Less Than One Second – In Olympic Time
Incoming Davidson first year student Evy Leibfarth, a 17-year-old from Bryson City, North Carolina, missed the finals of the Olympic Kayak Slalom by less than one second. The tenth-place semifinalist had a time of 111.76, Evy had a 112.73.
Evy was the youngest of 82 athletes in the Kayak competition and completed two runs in the initial qualifying heats. Her preliminary runs easily put her in the top 24 of the world, earning a spot in the semifinals.
Born in Sylva, Evy is evidently going to take a gap semester in the wake of the Olympics. She is expected to arrive in Davidson for the spring semester in early 2022.
For those who didn’t stay up for the middle-of-the-night live coverage, you can still stream it using your existing TV provider’s online service or by setting up an account with Peacock – the NBC streaming service. (Note – if you are a former Continuum, now TDS customer – you need to select “Continuum-TDS” in the drop-down menu on the NBC site.)
While she didn’t make the Kayak Slalom finals, Evy’s Olympics weren’t over. She also earned her way into the Canoe Slalom semifinals.
Full confession, while I know the difference between a kayak and an old school canoe – I didn’t fully understand the difference in terms of Olympic competition. It turns out that the International Canoe Federation has several helpful videos. Bottom line, the Olympic slalom canoe is probably not what you think it is.
In the kayak, competitors are seated with their legs extended out in front of them. Their feet operate peddles that control a small rudder at the back of the kayak. The kayak is 3.5 meters long and weighs 8 kg or roughly 17.5 pounds. The single canoe is the same size as the kayak. Instead of being seated, competitors kneel in the boat. They are strapped in with their legs underneath them. It is a quick release to ensure the competitor can get out in an emergency.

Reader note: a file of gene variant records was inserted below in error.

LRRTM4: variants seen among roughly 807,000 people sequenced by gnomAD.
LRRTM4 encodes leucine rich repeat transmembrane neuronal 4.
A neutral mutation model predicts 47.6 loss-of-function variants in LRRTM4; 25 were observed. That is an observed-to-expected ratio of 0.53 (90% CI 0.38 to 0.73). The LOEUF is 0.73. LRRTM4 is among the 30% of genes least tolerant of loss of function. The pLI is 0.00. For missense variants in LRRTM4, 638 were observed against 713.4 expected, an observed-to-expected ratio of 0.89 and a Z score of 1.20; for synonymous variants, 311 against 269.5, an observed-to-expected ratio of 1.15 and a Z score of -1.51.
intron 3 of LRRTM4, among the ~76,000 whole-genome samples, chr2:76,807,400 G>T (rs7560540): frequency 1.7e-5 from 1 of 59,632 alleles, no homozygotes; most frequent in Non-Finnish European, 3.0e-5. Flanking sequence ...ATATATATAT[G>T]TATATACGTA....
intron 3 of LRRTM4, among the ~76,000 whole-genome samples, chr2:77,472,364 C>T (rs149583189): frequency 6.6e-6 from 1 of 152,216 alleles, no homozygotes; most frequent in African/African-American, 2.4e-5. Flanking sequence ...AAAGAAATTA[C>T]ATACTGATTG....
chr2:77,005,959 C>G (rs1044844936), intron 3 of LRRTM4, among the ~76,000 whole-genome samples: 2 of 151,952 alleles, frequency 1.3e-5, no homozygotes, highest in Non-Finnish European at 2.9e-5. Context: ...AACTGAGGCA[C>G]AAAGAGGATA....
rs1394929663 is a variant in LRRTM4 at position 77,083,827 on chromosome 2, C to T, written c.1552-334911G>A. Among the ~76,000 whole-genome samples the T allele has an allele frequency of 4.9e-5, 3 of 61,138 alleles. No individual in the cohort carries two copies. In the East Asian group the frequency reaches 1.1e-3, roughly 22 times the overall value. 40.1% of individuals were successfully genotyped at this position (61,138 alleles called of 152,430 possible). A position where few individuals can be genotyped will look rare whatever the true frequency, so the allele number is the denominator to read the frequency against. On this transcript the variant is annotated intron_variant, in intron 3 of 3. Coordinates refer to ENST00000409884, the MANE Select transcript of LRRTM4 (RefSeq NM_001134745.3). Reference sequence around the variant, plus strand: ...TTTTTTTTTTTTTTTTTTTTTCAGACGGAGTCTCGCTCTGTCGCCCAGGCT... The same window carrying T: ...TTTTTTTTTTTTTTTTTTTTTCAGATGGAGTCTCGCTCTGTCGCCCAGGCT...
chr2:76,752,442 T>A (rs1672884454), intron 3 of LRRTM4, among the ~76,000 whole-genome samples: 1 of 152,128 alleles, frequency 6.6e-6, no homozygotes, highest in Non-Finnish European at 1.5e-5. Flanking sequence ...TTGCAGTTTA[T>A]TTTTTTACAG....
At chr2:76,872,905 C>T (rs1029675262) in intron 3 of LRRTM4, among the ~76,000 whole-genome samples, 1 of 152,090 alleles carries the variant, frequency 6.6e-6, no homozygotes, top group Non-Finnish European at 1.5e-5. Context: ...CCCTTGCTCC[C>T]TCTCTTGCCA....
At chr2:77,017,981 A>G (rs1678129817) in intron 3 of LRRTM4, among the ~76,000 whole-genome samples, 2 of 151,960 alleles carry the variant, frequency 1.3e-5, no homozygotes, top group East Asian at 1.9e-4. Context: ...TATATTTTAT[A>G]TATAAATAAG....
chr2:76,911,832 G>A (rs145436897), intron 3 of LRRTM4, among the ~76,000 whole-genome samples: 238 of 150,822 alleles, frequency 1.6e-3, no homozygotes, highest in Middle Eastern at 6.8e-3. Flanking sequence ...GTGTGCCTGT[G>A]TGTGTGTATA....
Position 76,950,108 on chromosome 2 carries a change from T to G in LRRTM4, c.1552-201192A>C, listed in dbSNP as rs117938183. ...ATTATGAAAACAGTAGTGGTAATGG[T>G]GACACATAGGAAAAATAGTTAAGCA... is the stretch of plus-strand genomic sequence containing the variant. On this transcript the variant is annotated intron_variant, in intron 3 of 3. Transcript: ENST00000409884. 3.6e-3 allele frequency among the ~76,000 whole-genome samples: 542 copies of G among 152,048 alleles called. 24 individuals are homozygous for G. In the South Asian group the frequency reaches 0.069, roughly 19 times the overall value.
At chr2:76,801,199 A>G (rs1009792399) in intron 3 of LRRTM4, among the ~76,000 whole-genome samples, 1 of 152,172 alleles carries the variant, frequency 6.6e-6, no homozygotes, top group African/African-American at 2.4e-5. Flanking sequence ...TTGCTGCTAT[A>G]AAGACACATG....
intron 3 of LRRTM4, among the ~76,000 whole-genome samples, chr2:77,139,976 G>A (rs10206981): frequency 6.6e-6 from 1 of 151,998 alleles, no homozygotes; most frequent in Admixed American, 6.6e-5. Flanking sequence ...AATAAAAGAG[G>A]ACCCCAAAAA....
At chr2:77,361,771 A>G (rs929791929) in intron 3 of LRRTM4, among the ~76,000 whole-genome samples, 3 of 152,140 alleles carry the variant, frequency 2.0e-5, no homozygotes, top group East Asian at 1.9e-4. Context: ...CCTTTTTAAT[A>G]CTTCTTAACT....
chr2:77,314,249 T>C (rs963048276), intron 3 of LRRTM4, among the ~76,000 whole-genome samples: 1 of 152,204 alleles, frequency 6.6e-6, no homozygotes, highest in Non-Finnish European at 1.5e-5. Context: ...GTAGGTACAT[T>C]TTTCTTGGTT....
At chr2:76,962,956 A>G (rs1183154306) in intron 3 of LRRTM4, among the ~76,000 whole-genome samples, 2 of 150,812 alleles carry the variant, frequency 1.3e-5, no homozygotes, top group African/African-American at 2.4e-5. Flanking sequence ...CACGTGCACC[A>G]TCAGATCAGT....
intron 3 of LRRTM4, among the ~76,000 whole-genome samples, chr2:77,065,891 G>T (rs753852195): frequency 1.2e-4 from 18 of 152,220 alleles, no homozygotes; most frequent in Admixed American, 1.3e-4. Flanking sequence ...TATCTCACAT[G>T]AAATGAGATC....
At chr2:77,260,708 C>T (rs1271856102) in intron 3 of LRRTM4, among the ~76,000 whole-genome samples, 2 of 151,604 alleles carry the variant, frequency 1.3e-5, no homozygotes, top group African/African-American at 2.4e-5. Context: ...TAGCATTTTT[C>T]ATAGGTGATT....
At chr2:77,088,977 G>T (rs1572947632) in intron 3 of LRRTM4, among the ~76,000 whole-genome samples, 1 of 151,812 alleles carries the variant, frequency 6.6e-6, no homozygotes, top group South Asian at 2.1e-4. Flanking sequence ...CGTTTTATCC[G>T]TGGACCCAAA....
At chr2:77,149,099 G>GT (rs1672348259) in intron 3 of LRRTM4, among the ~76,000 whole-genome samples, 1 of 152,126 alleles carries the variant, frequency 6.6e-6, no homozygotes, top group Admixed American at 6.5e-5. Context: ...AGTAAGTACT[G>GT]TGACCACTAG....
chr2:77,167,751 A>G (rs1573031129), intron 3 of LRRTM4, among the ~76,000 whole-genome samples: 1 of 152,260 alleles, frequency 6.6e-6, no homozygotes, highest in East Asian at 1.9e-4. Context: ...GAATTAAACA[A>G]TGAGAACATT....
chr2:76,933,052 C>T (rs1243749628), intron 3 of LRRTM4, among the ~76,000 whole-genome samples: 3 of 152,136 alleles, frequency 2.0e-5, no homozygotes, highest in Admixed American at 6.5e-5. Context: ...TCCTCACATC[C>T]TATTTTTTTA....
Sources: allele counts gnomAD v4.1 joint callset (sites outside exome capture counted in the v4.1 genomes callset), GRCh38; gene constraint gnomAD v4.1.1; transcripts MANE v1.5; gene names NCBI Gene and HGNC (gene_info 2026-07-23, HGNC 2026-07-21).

Additionally, the paddle is different. The Canoe paddle is a single blade, with a “t” handle at the other end. The Kayak paddle has blades on both ends.
After placing 12th in the world in the kayak slalom, Evy Leibfarth placed 18th in the canoe slalom. She had two great runs in preliminary heats but missed a gate in her semi-final run and earned a 50-second penalty.
Whether in the canoe or kayak slaloms, preliminary heats or semifinals – the NBC Olympic broadcasters were consistent in their praise for Evy. They all commented on her youth, her poise and skill on the Olympic stage, and they expect her to return to many future Olympic games. And with the next Summer Olympics only three years away, Evy will still be a student when she vies for a spot on the team heading to Paris.
As many of our readers know, it isn’t uncommon to see kayaks on the tops of cars around town. The same is true if you drive through campus.
Come January, if you happen to see a student’s car with a kayak on top – look closer. Our guess is that there might be an Olympic sticker on one of those kayaks.